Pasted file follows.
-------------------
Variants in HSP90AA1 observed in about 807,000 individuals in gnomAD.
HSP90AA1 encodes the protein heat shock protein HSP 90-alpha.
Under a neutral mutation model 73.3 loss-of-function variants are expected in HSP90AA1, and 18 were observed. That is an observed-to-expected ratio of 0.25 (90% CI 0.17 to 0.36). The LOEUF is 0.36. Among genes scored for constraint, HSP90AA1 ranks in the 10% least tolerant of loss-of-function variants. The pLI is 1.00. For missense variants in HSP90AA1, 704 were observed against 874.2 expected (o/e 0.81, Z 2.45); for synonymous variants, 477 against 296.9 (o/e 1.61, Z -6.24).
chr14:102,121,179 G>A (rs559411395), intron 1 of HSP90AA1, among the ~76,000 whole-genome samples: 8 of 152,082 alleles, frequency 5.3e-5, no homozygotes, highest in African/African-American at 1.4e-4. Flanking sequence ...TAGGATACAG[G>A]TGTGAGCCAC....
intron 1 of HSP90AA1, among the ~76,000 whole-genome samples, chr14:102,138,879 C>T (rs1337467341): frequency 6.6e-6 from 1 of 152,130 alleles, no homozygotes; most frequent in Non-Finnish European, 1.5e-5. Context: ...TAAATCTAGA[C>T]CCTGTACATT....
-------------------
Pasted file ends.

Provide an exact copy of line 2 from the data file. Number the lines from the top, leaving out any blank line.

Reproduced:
HSP90AA1 encodes the protein heat shock protein HSP 90-alpha.